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Jeff Bezos and Blue Origin crew soar successfully into space, landing safely

Amazon founder Jeff Bezos and three crewmates soared into space aboard a Blue Origin rocket from Texas, landing safely in the desert about 10 minutes later.  The New Shepard suborbital rocket lifted off about 9:12 a.m. EDT from the company’s Corn Ranch launch site 160 miles east of El Paso.

Bezos’ brother, Mark Bezos, rode into space with crewmates Wally Funk, an 82-year-old aviation pioneer from Texas, and 18-year-old Oliver Daemen — the youngest and oldest to ever fly in space. Daemen also became the first paying customer on a private company’s spacecraft, after a Blue Origin auction June 12.  The four crew members ascended the launch tower and reached the capsule via a walkway about 30 minutes before liftoff, where they were strapped into seats in the capsule for the countdown. The rocket, about five stories tall, accelerated to about 2,200 mph emitting 110,000 pounds of thrust, creating gravity forces of about three times the normal pull on Earth. After reaching space, the crew experience a few minutes of weightlessness before returning to Earth.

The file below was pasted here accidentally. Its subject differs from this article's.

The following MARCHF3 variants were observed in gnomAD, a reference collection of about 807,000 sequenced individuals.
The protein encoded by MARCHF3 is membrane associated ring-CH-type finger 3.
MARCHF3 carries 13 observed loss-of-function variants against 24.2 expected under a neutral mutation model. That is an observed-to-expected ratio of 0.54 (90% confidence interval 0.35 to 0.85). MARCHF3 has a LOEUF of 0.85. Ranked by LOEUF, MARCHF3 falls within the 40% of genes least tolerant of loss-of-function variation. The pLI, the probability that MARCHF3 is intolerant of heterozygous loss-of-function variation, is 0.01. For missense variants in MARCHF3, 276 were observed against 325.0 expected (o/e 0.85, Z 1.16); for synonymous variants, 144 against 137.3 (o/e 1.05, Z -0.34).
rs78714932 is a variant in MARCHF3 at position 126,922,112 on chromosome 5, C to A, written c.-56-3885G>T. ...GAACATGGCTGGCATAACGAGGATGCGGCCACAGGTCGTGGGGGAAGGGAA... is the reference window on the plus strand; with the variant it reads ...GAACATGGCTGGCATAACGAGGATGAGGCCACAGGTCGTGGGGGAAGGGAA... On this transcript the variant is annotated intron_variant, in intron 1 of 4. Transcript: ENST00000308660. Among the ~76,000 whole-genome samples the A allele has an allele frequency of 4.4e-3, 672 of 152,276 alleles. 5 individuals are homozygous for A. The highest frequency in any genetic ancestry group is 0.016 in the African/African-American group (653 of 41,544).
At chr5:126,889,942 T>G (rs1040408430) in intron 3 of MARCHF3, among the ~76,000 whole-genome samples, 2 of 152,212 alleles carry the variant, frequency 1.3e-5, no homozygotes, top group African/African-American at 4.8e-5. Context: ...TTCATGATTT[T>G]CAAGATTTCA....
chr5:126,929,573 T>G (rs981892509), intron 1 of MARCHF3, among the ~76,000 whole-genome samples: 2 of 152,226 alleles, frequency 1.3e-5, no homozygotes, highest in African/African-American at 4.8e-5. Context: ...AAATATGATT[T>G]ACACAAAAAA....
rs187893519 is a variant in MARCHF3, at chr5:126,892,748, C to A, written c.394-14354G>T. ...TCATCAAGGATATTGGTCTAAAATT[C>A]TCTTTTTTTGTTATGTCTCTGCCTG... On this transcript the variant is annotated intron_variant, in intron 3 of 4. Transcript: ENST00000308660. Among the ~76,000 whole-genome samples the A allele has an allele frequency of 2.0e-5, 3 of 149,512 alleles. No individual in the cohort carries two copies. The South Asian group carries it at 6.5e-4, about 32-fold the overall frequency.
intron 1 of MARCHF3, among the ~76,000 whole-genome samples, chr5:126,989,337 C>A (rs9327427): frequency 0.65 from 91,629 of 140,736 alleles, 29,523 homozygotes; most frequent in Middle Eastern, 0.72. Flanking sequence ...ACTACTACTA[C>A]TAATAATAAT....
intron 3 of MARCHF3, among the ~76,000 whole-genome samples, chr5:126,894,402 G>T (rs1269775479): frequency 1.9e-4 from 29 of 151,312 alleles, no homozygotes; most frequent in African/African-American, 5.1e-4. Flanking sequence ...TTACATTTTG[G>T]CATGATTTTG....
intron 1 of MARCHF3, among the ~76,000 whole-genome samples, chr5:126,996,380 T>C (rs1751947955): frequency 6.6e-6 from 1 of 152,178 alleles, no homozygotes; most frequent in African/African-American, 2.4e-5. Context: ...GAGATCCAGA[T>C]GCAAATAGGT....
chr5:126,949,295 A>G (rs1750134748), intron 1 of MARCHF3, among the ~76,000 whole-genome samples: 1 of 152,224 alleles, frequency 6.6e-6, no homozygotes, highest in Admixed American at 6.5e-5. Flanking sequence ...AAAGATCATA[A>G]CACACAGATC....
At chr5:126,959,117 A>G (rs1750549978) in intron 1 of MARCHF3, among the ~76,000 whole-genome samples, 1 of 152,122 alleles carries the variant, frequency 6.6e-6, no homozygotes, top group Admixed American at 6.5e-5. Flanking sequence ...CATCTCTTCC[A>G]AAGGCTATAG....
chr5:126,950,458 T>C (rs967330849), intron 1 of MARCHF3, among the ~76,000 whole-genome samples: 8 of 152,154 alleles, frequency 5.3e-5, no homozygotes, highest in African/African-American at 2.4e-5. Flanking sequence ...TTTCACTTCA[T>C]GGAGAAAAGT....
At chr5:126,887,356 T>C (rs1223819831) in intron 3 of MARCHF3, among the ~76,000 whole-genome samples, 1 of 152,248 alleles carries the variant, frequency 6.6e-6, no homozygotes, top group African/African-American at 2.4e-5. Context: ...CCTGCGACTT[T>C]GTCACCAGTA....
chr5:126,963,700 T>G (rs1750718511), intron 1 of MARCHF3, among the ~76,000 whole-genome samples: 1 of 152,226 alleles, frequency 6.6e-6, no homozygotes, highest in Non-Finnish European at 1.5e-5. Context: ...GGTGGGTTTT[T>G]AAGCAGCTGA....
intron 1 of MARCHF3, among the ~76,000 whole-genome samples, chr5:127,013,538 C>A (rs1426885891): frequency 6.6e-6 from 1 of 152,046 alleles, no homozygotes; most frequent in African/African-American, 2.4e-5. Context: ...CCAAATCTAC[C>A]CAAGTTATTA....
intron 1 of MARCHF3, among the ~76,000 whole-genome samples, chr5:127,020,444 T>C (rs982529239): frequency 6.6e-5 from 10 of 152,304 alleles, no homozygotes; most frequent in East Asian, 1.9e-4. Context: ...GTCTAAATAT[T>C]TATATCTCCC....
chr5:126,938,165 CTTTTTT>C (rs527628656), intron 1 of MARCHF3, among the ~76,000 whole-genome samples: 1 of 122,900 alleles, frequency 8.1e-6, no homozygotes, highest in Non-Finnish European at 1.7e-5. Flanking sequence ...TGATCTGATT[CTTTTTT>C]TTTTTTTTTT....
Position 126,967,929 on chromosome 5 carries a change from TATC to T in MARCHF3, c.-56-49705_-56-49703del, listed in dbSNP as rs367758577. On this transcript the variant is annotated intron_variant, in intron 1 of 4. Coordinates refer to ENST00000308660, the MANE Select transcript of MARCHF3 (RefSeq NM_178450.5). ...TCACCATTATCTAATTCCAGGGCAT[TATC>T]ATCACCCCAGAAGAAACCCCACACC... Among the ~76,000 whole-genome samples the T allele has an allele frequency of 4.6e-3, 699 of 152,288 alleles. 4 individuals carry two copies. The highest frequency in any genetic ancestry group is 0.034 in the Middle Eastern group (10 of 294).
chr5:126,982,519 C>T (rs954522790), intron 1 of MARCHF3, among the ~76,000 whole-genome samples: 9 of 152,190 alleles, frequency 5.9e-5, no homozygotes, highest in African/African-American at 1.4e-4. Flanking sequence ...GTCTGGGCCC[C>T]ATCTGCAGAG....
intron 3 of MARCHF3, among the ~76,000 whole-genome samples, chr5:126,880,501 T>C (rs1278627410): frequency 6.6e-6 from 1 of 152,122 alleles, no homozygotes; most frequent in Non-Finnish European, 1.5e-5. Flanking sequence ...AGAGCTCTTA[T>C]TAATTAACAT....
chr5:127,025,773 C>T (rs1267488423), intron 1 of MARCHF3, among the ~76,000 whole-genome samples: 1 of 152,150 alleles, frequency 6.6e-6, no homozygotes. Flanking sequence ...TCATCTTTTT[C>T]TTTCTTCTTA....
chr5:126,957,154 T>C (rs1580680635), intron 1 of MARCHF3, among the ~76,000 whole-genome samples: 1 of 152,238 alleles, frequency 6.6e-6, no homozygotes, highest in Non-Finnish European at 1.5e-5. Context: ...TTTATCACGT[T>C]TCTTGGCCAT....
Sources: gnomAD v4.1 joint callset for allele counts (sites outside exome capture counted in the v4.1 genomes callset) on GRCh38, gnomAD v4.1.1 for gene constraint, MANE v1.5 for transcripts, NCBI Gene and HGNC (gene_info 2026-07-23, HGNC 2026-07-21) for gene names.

Bezos became the second person to reach space aboard his own company’s private spacecraft, the Blue Origin capsule. Just nine days earlier, Richard Branson, founder of Virgin Galactic, launched from the public Spaceport America, which is owned by the state of New Mexico. Bezos said he chose July 20 for the launch because it is the anniversary of the Apollo 11 moon landing in 1969. Bezos said at a news conference that his company plans two more flights this year with people on board, and that he hopes Blue Origin can eventually build orbital rockets and facilities on the moon — and even asteroids or Mars.

Editorial credit: JennLShoots / Shutterstock.com

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